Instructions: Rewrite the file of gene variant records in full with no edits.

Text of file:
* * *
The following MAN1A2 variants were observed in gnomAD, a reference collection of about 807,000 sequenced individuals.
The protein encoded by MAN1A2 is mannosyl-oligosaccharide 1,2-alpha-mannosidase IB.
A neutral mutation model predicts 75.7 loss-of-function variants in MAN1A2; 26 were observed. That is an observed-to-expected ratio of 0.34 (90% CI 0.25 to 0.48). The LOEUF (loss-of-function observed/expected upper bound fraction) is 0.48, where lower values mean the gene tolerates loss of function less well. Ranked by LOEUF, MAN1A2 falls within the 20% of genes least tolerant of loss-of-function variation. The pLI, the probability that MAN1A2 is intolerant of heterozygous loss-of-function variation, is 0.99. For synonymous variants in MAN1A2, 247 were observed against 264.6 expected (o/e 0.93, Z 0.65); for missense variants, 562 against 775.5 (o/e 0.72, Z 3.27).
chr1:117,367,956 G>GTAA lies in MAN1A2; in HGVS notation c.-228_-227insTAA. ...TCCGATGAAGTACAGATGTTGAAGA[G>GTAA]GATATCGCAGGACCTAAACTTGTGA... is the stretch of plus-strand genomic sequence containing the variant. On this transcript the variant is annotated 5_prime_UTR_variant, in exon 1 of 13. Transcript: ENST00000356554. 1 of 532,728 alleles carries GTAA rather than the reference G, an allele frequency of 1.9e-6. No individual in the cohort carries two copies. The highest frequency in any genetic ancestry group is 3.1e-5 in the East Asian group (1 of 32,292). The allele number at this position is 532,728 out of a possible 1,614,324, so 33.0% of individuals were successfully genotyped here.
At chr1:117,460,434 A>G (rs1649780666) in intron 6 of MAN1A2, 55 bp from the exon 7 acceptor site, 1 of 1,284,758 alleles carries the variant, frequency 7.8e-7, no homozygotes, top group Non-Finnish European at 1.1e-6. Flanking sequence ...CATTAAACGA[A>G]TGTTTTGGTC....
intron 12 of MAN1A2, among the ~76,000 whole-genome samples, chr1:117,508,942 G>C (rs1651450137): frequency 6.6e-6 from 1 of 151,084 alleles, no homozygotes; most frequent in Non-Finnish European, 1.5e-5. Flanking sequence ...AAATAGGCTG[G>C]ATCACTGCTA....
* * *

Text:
The following MAN1A2 variants were observed in gnomAD, a reference collection of about 807,000 sequenced individuals.
The protein encoded by MAN1A2 is mannosyl-oligosaccharide 1,2-alpha-mannosidase IB.
A neutral mutation model predicts 75.7 loss-of-function variants in MAN1A2; 26 were observed. That is an observed-to-expected ratio of 0.34 (90% CI 0.25 to 0.48). The LOEUF (loss-of-function observed/expected upper bound fraction) is 0.48, where lower values mean the gene tolerates loss of function less well. Ranked by LOEUF, MAN1A2 falls within the 20% of genes least tolerant of loss-of-function variation. The pLI, the probability that MAN1A2 is intolerant of heterozygous loss-of-function variation, is 0.99. For synonymous variants in MAN1A2, 247 were observed against 264.6 expected (o/e 0.93, Z 0.65); for missense variants, 562 against 775.5 (o/e 0.72, Z 3.27).
chr1:117,367,956 G>GTAA lies in MAN1A2; in HGVS notation c.-228_-227insTAA. ...TCCGATGAAGTACAGATGTTGAAGA[G>GTAA]GATATCGCAGGACCTAAACTTGTGA... is the stretch of plus-strand genomic sequence containing the variant. On this transcript the variant is annotated 5_prime_UTR_variant, in exon 1 of 13. Transcript: ENST00000356554. 1 of 532,728 alleles carries GTAA rather than the reference G, an allele frequency of 1.9e-6. No individual in the cohort carries two copies. The highest frequency in any genetic ancestry group is 3.1e-5 in the East Asian group (1 of 32,292). The allele number at this position is 532,728 out of a possible 1,614,324, so 33.0% of individuals were successfully genotyped here.
At chr1:117,460,434 A>G (rs1649780666) in intron 6 of MAN1A2, 55 bp from the exon 7 acceptor site, 1 of 1,284,758 alleles carries the variant, frequency 7.8e-7, no homozygotes, top group Non-Finnish European at 1.1e-6. Flanking sequence ...CATTAAACGA[A>G]TGTTTTGGTC....
intron 12 of MAN1A2, among the ~76,000 whole-genome samples, chr1:117,508,942 G>C (rs1651450137): frequency 6.6e-6 from 1 of 151,084 alleles, no homozygotes; most frequent in Non-Finnish European, 1.5e-5. Flanking sequence ...AAATAGGCTG[G>C]ATCACTGCTA....